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Depersonalization in Cyberspace

LAMBERT, MICHELLE V. M.R.C.Psych.1; SENIOR, CARL Ph.D.1; PHILLIPS, MARY L. M.R.C.Psych.1; DAVID, ANTHONY S. M.D.1

Journal of Nervous & Mental Disease: November 2000 - Volume 188 - Issue 11 - pp 764-771
Articles

We explored the possibility of carrying out clinical research on the Internet. To do so, we compared psychometric and demographic variables between two groups of sufferers of depersonalization disorder, one recruited via the Internet, the other from outpatients attending the Depersonalization Research Unit. No differences were found in demographics or features of depersonalization. Those seen in the clinic were, however, significantly more depressed. We then explored the answers to several questions posted on a depersonalization bulletin board by a second group of Internet users. Useful information on symptoms, precipitants, and treatment was gained. It is concluded that the Internet could become a valuable tool in clinical psychiatric research.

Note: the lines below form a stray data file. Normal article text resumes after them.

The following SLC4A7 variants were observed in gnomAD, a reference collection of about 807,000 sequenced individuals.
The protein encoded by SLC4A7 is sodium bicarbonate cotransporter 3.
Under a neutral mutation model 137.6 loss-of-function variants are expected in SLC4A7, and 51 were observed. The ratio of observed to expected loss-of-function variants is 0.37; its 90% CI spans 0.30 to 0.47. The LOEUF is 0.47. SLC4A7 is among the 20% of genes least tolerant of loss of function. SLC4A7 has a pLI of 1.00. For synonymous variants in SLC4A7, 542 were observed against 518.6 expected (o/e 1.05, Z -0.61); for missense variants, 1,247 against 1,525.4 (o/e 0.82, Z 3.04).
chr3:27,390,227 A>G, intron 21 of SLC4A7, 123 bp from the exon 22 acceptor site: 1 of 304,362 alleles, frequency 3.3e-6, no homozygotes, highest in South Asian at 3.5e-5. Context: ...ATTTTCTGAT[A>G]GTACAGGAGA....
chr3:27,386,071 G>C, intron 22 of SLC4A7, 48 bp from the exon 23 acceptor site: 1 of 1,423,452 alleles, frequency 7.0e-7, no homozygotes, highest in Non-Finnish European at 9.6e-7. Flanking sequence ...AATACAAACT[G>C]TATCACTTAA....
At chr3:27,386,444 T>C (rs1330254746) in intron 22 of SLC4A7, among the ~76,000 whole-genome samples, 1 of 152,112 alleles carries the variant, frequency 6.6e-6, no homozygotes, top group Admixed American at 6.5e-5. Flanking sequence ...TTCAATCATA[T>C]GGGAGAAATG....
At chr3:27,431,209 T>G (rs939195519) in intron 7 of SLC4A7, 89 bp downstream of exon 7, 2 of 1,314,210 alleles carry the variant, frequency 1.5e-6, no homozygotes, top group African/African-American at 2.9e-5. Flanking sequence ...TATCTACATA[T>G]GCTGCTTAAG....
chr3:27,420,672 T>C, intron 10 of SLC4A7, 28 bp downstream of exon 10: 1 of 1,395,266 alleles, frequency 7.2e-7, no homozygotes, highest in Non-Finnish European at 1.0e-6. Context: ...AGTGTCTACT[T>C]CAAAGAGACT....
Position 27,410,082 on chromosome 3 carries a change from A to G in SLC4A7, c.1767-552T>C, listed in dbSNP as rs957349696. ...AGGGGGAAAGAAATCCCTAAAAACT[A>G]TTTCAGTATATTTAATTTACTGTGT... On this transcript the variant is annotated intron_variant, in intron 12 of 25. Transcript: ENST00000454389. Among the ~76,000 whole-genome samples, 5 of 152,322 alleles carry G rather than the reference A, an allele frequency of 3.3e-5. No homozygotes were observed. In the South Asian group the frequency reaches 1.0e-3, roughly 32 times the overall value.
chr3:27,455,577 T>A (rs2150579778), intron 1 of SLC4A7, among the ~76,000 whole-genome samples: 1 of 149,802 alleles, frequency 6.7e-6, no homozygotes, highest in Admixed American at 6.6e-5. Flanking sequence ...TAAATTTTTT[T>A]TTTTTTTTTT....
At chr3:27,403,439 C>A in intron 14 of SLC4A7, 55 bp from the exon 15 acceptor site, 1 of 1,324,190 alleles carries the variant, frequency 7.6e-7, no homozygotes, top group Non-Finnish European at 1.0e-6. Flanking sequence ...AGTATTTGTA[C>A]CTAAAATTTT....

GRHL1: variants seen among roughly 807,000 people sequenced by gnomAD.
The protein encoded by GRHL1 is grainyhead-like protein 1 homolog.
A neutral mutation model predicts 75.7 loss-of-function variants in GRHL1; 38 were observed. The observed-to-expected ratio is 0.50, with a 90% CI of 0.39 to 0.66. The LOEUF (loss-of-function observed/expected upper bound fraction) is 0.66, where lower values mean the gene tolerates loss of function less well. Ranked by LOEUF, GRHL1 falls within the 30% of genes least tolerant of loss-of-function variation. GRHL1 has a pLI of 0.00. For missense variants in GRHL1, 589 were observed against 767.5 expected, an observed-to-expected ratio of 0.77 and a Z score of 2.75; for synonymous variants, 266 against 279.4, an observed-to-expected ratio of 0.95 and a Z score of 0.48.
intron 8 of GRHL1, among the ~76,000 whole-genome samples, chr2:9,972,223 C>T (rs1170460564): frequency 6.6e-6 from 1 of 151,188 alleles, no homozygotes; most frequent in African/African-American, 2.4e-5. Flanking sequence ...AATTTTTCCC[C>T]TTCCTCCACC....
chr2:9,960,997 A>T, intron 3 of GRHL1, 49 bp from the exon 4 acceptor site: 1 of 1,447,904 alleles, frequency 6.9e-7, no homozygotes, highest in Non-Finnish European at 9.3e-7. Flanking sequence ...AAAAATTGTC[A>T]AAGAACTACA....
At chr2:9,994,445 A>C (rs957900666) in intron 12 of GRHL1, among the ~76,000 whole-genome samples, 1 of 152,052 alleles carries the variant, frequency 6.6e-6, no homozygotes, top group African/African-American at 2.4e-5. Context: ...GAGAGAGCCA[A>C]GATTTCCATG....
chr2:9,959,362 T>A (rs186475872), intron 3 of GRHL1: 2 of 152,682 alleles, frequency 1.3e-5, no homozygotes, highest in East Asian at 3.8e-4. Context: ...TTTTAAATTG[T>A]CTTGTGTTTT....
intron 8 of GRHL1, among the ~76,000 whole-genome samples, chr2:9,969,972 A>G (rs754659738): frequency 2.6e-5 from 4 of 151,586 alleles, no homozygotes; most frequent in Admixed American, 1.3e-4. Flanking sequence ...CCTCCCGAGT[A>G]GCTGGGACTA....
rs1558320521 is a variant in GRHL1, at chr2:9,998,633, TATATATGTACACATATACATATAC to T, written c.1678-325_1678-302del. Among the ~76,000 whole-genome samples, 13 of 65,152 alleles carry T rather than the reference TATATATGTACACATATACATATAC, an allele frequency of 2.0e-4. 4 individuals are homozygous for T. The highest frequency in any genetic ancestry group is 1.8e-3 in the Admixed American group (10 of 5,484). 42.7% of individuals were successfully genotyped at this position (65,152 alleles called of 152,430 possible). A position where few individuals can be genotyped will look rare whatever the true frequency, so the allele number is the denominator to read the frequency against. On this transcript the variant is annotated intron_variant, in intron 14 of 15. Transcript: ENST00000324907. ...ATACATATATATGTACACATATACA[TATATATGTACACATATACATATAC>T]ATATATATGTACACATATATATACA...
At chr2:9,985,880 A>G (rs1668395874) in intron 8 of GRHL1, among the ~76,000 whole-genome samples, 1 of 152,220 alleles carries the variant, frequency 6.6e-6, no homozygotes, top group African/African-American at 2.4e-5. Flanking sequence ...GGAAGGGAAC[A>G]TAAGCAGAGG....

1 Depersonalisation Research Unit, Institute of Psychiatry and GKT School of Medicine, De Crespigny Park, London, SE5 8AF, United Kingdom. Send reprint requests to Dr. Lambert.

This study is funded by the Pilkington Family Trust.

We thank Andrew Cook for permission to use the Depersonalization Bulletin Board, and the users of the web site for their helpful responses.

© 2000 Lippincott Williams & Wilkins, Inc.